— Christine Gorman, “Calling All Paranoids,” TIME magazine
This applies in spades to so-called ex-cult support groups, and I hope regular readers of my blog will forgive me if I once again quote this passage from “The ACLU and Religious Freedom, Part 2”:
When someone studies with a spiritual teacher, the teacher becomes an important part of her life. Even if she ends her studies, her former teacher will usually be someone with whom she needs to live on comfortable terms. A healthy narrative truth emerging in therapy is one which doesn’t attempt to demonize the former teacher or alienate the former student. When therapists violate these principles, this may be seen as abusive, just as inducing Parental Alienation Syndrome is considered a form of parental abuse.
One of the universally recognized symptoms of PAS is lack of ambivalence. Quite simply, the parent from whom the child has been alienated is seen as completely bad and evil. Lack of ambivalence is unnatural behaviour in human beings. Rarely can someone of basic intelligence, maturity and emotional stability support the notion that one person is completely bad.
Yet, when people receive anti-cult counselling or participate in ex-cult support groups, they tend to undergo a pathological inversion of views. They are systematically alienated from their former spiritual teacher, to the point where they depict him/her as thoroughly bad and inhumanly evil. This may be described as Guru Alienation Syndrome, or GAS.
The reason such systematic alienation should be considered a form of abuse is that it effectively robs the former student of all the benefits of having a spiritual teacher, including the ability to interact positively with that teacher, and to enjoy loving memories of that teacher. Unambivalent hatred of the spiritual teacher doesn’t just harm the hated teacher, but also the former student.
While not everyone seeks out a spiritual teacher, for those who do — and who have studied for 5, 10 or 20 years with that teacher — there is an existing relationship which typically has many positive aspects and serves an important purpose in the student’s life. The loss of that relationship is a grievous loss. A wise and compassionate therapist, counsellor, or friend will therefore not attempt to destroy that relationship by circulating hate material vilifying the teacher.
However, just as divorcing parents sometimes play tug-of-war with the child, in anti-cult circles one often encounters manipulative people who want to play tug-of-war with the former spiritual student. They feel the only way for such students to prove their newfound loyalty to mainstream secular values is to loudly proclaim their hatred for the spiritual teacher. Circulating vilification material is one of the tactics used to fan such hatred; and willingness to publicly voice such hatred becomes a kind of loyalty test or perverse indicator of “cult recovery.”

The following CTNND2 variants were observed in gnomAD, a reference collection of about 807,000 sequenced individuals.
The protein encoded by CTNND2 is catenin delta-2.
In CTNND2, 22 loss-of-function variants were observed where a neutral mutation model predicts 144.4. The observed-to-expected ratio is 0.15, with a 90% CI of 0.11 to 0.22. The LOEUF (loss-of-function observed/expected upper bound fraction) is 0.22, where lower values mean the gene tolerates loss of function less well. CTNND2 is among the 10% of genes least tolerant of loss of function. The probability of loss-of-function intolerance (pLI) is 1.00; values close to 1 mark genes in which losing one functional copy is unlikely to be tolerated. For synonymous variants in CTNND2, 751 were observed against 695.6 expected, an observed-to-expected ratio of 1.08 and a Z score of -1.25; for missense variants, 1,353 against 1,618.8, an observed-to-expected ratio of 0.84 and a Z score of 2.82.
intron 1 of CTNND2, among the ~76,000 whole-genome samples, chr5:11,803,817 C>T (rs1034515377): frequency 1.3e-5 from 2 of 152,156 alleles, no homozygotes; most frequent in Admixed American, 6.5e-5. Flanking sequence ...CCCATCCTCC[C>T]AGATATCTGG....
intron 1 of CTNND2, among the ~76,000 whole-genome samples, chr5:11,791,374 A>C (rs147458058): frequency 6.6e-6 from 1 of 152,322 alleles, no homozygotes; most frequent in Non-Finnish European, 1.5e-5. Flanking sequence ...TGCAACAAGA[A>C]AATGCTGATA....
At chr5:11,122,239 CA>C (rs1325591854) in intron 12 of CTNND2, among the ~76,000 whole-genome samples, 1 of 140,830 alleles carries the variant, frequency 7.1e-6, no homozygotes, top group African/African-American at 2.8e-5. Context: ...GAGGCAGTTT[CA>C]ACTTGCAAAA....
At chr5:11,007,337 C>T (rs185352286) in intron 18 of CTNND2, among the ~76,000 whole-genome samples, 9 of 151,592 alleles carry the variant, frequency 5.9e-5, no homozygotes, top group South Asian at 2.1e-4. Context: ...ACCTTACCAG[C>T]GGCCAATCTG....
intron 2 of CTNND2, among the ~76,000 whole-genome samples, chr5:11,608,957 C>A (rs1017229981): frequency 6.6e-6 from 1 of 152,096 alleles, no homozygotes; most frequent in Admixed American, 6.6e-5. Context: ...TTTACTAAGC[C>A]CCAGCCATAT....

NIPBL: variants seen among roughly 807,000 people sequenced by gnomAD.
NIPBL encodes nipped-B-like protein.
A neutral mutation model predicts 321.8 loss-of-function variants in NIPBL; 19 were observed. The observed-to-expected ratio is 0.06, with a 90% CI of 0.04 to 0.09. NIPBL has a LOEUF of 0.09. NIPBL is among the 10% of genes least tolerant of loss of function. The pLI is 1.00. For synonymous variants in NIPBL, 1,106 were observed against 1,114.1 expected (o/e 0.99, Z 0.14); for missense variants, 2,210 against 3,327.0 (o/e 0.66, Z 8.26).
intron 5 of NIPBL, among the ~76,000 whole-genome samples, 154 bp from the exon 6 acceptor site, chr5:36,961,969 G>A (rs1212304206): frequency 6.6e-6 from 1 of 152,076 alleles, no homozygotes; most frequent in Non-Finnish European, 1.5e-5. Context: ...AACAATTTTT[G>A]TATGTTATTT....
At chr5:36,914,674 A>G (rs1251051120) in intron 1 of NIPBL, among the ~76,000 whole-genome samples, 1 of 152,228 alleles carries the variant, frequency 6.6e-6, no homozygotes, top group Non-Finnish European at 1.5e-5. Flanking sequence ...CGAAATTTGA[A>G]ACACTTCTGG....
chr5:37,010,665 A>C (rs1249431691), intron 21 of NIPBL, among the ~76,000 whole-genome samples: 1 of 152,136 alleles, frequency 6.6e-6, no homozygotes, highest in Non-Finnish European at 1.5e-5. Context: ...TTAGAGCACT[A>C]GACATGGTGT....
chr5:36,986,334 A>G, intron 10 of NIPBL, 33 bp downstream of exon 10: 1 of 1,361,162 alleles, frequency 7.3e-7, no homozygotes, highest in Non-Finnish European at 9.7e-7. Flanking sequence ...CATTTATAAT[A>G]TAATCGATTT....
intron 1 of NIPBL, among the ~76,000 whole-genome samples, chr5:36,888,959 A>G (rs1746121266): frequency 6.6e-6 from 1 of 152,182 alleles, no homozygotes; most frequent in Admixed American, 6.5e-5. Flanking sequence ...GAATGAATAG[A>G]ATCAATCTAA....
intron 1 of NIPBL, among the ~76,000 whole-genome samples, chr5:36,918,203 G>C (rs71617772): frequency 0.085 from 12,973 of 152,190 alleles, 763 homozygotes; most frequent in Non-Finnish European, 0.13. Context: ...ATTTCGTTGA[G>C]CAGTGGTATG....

Owing to wretched excess in the anti-cult movement, it’s nearly impossible to be too over-the-top in one’s denunciation of a purported “cult leader.” The situation is analogous to that described by singer-songwriter Arlo Guthrie in his 1967 signature piece “Alice’s Restaurant.” At one point in the monologue, Guthrie is trying to avoid being drafted and sent to Vietnam. His strategy is to appear so gung-ho that he would be viewed as undesirable:
I went up there, I said, “Shrink, I want to kill. I want to kill! I want to see blood and gore and guts and veins in my teeth! Eat dead, burnt bodies! I mean: Kill. Kill!”
And I started jumpin’ up and down, yellin’ “KILL! KILL!” and he started jumpin’ up and down with me, and we was both jumpin’ up and down, yellin’, “KILL! KILL! KILL! KILL!” and the sergeant came over, pinned a medal on me, sent me down the hall, said “You’re our boy.” Didn’t feel too good about it.
— Arlo Guthrie, “Alice’s Restaurant Massacre”
Those members of anti-cult groups willing to tell over-the-top atrocity stories may receive status elevation within the group (similar to having medals pinned on them). If they can supply bodice-ripping drug store fare, this has the potential to be used in anti-cult publicity campaigns, and may even find its way into a courtroom. The writers know this, and so tend to compete in a “race to the bottom.” It’s therefore difficult to escape the conclusion that these stories are being told for self-serving motives, especially where they diverge significantly from the known facts about a spiritual teacher or group, and are not supported by objective evidence.
We should keep in mind that apostasy is not a private, personal decision. The apostate makes a great public show of her newfound rejection of faith, and actively seeks to persuade or influence others to join her in rejecting faith. The apostate “atrocity story” is a public relations tool used by anti-cult groups to vilify minority spiritual groups, leading to harassment or diminution of rights for such groups (or in extreme cases, crucifixion).
As I discuss in Part 2, when apostates hurl false accusations, this is similar to people throwing rocks at church windows. One might like or even love someone who does grievous harm, but it’s difficult to forgive them while the glass is still tinkling and people are checking themselves for cuts and bruises. If the hurlers will not stop, then it may be necessary to invoke lawful due process. See also this post discussing the problem of false accusations of a teacher in relation to the film Term of Trial. The links at the end concern UK libel law as it applies to Facebook, Blogspot, and other social media sites.
This concludes Part 1 covering general concepts. In Part 2 I’ll discuss the particular case of Bithika O’Dwyer.
The views expressed are my own, and do not represent any other person or organization.